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THE royal palace of Eltham is a subject which has often engaged the
historian's pen and the pencil of the artist; and, as intimately associated with many national events, it possesses an interest to which neither the lapse of time nor its own decay can ever render us indifferent. A visit to the "old
Hall of Eltham,” forms one of those incidents in life to which we look back with as much pleasure as the pilgrim was wont to do after he had paid his devotions at the "shrine of our Lady of Walsingham.” Every feature in this primitive abode of kings, this favourite resort of our native princes, arrests attention, and carries us back into the days of chivalry and romance. While sauntering through its deserted, and, as we may truly say, its desecrated court, imagination delights to expatiate among those recorded scenes of court festivity, military fêtes, and national solemnities, of which it has so often been the scene. The very echoes which, if at all disturbed, now only reply to the thresher's song or the lowing of cattle, were once roused into loud and long-continued reverberations by the plaudits of knights within, and popular acclamations from without. In the twilight, the dim figures of its long line of possessors seem to flit before our eyes ; while the mind is busily occupied in filling up the picture, from the days of Edward the Confessor down to those of James the First:
“ Again, again, along the wizard's glass,
In waving plumes they reappear and pass." It is gratifying to think that, whilst the plough may be said to have passed over many of our classic and historical sites, the Hall of Eltham is still spared. The ground on which it stands is sacred in the eyes of every patriot: it is an interesting field of study for the artist and antiquary; and in beauty of situation challenges the admiration of the most ordinary observer. Its position on a gently elevated surface, commanding a fine view in nearly every direction, surrounded by an extensive chase, and in the immediate vicinity of the capital, made Eltham highly eligible as an occasional residence for the sovereign. But the surrounding country has undergone so many alterations, Eltham itself is so shrunk, dilapidated, and “curtailed of its fair proportions, that it is impossible to form a just estimate of what it must have been during the feudal period; adorned, as it undoubtedly was, with all the embellishments of art, inhabited by kings, with “ kings for their guests,” and frequented by the elite of English beauty and chivalry.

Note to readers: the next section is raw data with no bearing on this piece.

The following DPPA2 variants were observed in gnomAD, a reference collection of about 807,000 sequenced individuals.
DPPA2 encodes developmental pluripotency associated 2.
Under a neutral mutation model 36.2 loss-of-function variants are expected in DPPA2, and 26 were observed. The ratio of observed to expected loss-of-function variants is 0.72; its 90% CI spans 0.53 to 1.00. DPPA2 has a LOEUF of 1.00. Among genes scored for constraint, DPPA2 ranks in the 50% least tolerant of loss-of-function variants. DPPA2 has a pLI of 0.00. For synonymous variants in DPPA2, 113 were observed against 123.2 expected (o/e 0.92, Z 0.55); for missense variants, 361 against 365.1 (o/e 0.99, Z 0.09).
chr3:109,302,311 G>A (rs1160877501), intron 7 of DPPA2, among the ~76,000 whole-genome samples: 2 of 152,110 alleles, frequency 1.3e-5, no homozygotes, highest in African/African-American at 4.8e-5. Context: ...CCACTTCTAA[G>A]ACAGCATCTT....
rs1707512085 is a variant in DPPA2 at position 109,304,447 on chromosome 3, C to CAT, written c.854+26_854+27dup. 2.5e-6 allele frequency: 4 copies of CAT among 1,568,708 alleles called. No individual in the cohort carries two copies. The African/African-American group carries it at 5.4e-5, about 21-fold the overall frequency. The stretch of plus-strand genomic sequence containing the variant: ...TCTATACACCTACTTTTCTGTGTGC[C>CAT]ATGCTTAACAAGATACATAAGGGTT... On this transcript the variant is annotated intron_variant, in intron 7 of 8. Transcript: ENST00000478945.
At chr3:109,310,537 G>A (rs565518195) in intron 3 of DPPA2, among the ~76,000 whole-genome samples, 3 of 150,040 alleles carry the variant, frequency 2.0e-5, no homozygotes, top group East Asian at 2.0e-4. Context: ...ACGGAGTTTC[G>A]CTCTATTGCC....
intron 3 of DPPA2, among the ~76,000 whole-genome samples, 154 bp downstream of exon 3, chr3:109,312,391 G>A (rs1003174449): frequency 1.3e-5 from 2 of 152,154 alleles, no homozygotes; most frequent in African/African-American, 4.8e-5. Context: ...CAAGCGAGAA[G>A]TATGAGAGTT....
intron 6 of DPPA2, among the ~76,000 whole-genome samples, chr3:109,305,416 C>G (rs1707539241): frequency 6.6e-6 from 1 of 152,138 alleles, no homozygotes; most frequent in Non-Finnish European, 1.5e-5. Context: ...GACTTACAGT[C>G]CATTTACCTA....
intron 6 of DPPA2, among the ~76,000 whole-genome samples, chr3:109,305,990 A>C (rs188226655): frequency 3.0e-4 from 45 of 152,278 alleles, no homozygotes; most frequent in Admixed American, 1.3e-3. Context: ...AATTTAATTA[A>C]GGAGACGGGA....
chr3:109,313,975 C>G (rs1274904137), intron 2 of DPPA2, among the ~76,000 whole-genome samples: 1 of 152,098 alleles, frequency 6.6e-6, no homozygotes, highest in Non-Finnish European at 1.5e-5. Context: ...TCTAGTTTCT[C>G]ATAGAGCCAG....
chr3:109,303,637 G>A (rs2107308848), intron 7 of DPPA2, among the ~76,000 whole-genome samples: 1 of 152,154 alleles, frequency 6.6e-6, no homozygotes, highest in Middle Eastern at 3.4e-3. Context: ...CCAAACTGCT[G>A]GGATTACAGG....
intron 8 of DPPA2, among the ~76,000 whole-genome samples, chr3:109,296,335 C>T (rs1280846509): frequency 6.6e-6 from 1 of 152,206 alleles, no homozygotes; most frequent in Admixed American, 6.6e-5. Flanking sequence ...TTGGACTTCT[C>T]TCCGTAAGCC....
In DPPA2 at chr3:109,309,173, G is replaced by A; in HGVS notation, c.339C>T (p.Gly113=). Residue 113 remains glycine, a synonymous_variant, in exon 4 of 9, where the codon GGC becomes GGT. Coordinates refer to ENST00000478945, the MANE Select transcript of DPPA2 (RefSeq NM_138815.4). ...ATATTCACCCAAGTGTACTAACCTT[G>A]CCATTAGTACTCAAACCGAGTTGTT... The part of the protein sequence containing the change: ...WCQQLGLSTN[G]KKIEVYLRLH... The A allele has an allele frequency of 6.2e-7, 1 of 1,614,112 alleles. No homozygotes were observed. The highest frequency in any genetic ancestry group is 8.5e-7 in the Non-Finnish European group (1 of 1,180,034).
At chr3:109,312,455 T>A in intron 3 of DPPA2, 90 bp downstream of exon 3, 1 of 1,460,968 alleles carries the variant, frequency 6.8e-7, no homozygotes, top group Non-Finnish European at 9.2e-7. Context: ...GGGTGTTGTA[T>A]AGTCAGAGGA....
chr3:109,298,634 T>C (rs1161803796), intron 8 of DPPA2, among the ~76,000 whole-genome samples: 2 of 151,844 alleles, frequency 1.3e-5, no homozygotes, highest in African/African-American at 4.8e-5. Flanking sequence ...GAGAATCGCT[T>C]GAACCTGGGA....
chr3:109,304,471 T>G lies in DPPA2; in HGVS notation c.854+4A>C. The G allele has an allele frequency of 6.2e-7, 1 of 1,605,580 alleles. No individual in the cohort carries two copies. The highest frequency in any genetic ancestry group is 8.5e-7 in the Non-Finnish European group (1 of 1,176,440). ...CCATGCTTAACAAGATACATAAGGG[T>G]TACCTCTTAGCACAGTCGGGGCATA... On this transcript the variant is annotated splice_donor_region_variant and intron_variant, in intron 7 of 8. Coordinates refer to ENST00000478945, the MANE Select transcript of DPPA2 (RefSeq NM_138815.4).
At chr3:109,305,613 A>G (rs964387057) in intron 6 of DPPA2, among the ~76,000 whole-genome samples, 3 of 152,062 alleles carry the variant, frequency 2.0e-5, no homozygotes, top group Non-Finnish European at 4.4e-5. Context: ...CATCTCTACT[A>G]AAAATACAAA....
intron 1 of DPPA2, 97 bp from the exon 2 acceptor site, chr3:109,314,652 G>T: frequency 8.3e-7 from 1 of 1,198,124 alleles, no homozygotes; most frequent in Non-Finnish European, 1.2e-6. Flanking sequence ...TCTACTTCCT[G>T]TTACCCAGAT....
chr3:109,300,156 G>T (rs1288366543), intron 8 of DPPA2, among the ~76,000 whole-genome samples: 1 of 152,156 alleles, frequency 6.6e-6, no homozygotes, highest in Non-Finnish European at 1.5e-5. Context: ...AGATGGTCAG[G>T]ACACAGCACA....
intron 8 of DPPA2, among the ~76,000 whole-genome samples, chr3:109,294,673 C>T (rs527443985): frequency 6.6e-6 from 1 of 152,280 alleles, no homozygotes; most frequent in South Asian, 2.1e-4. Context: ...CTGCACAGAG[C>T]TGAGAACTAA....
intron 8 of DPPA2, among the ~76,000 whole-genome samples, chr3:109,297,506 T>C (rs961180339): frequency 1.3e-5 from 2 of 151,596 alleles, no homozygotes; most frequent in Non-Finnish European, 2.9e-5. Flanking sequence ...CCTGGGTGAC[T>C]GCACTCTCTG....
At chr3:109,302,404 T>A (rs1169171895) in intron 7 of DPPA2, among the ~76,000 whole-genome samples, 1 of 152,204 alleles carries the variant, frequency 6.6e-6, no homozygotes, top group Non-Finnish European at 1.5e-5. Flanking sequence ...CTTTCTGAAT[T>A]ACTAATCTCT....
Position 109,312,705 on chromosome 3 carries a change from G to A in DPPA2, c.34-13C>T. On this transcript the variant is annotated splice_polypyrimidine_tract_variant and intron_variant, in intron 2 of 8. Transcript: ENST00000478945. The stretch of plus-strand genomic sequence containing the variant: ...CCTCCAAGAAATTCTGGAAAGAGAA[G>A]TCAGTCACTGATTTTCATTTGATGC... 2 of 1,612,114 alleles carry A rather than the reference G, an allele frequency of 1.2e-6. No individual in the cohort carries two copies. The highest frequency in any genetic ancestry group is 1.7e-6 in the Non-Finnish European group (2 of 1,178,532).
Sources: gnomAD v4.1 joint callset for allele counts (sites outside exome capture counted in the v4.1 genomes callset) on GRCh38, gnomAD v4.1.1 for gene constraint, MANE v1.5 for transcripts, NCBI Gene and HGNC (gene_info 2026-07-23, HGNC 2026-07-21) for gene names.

Enough remains, however, to fill a long summer day with agreeable amusement and profitable entertainment; and to those who take pleasure in contemplating such monuments of the regal sway in England, the old palace of Eltham has attractions peculiarly its own.
Nearly all the writers who have given their attention to the topography of Eltham and its vicinity, complain of the great want of authentic records, for the satisfactory elucidation of its early history. This is a subject of much regret; obscurity is intimately connected with the origin of the place; the documents which we possess consist chiefly of those casual notices embodied
HISTORIES OF ELTHAM.
in the old Chronicles, where the subject is of only secondary consideration, and often merely alluded to by way of illustration. During the last twenty years, particularly since the discoveries of some subterranean passages within the walls, Eltham has been a subject of frequent description in the periodicals * of the day; and that frequency is a proof how much it has attracted, and still continues to attract, the public attention.